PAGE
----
We’ve all had those moments in the mirror. You’ve just woken up, your eyes are starting to focus, and there it is: An angry, bright-red, bulbous pimple. When it comes to treating individual blemishes, there are a couple of go-to spot treatments to have in your arsenal (and, no, toothpaste is not one of them). Benzoyl peroxide, an antiseptic, and salicylic acid, a chemical exfoliant, have tamed many a rogue pimple and are easy to find at just about any drugstore. But if breakouts are a more persistent problem for you, ask your dermatologist about prescription-strength treatments (featuring that trusty old retinol) at higher concentrations.
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Tea-Tree Oil
Though benzoyl peroxide, salicylic acid, and retinol are all powerful and well-known acne treatments, the world of natural beauty has its own secret weapons when it comes to assuaging a breakout — but you might have to venture outside the beauty aisle to find them. Pure tea-tree oil is a naturally occurring antibacterial, often used to treat bug bites and minor scrapes (which is why you’ll find it in most drugstores’ first-aid sections). But it's also been shown to work as effectively on pimples as benzoyl peroxide. A very small dab of the stuff goes a long way, so use it in moderation and consider diluting it with a second, more neutral oil.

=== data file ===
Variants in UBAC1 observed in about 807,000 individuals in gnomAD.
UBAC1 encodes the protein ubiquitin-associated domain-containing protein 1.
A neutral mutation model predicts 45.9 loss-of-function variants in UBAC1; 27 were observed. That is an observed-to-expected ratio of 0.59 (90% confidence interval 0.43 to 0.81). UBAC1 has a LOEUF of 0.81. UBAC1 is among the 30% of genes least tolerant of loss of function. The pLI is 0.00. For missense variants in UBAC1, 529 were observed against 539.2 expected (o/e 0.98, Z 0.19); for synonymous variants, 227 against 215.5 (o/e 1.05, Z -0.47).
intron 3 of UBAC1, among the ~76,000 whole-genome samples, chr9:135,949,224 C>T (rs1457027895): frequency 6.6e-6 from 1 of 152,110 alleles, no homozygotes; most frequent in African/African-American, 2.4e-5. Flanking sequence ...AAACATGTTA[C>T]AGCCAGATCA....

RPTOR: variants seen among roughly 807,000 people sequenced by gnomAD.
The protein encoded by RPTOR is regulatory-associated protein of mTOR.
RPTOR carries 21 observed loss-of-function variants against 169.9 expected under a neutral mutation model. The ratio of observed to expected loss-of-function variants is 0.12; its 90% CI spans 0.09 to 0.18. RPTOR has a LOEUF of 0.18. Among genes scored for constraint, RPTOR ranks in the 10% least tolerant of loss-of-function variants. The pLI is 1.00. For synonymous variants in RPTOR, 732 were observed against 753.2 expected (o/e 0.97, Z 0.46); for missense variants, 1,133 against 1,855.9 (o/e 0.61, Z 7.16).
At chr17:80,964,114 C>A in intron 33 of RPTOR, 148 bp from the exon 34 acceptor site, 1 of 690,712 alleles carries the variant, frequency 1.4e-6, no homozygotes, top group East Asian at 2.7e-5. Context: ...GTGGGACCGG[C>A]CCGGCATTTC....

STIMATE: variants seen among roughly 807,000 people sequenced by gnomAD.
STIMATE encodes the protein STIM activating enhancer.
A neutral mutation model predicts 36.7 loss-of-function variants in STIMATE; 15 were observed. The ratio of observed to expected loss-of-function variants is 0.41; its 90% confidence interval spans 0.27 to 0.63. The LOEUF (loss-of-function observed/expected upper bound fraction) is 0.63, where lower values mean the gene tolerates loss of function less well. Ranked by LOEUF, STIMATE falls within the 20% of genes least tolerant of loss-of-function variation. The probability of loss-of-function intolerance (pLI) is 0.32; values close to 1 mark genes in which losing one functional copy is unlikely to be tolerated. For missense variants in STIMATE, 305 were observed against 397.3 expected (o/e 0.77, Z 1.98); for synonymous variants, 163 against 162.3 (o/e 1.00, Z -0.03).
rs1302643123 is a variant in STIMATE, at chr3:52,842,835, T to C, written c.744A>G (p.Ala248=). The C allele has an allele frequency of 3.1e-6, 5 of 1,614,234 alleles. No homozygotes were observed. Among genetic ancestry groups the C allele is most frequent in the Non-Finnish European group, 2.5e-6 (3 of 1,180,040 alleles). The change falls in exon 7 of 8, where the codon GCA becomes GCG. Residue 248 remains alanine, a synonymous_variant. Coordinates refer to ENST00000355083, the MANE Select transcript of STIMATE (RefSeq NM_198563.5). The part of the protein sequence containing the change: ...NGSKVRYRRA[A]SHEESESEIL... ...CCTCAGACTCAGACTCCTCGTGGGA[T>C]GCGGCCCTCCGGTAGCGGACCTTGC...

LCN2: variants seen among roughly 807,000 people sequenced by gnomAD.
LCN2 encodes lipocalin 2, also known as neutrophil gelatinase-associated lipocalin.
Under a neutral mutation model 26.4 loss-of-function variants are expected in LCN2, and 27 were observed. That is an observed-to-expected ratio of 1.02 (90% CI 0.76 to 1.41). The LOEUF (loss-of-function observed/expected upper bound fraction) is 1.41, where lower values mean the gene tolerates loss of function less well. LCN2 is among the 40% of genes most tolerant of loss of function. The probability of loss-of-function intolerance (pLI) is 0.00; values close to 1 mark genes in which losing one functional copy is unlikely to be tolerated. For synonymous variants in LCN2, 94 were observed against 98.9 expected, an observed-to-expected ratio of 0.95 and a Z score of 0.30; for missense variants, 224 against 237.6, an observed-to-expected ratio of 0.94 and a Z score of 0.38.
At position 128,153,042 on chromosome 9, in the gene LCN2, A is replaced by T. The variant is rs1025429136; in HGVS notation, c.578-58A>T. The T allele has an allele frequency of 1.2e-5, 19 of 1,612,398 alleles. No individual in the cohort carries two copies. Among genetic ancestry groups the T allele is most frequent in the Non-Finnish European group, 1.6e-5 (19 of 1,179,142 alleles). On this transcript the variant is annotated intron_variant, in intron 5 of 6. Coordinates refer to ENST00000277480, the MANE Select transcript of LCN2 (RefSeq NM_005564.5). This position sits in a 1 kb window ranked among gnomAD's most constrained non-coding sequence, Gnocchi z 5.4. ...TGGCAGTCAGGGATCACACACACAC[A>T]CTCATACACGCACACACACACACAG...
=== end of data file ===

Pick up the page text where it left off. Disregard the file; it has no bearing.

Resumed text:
Witch hazel is another handy secret from the natural beauty canon: When used as a toner, it can reduce redness and inflammation (just try to use an alcohol-free version to avoid drying your skin). Finally, raw honey mixed with turmeric can make for an excellent acne-soothing mask or spot treatment.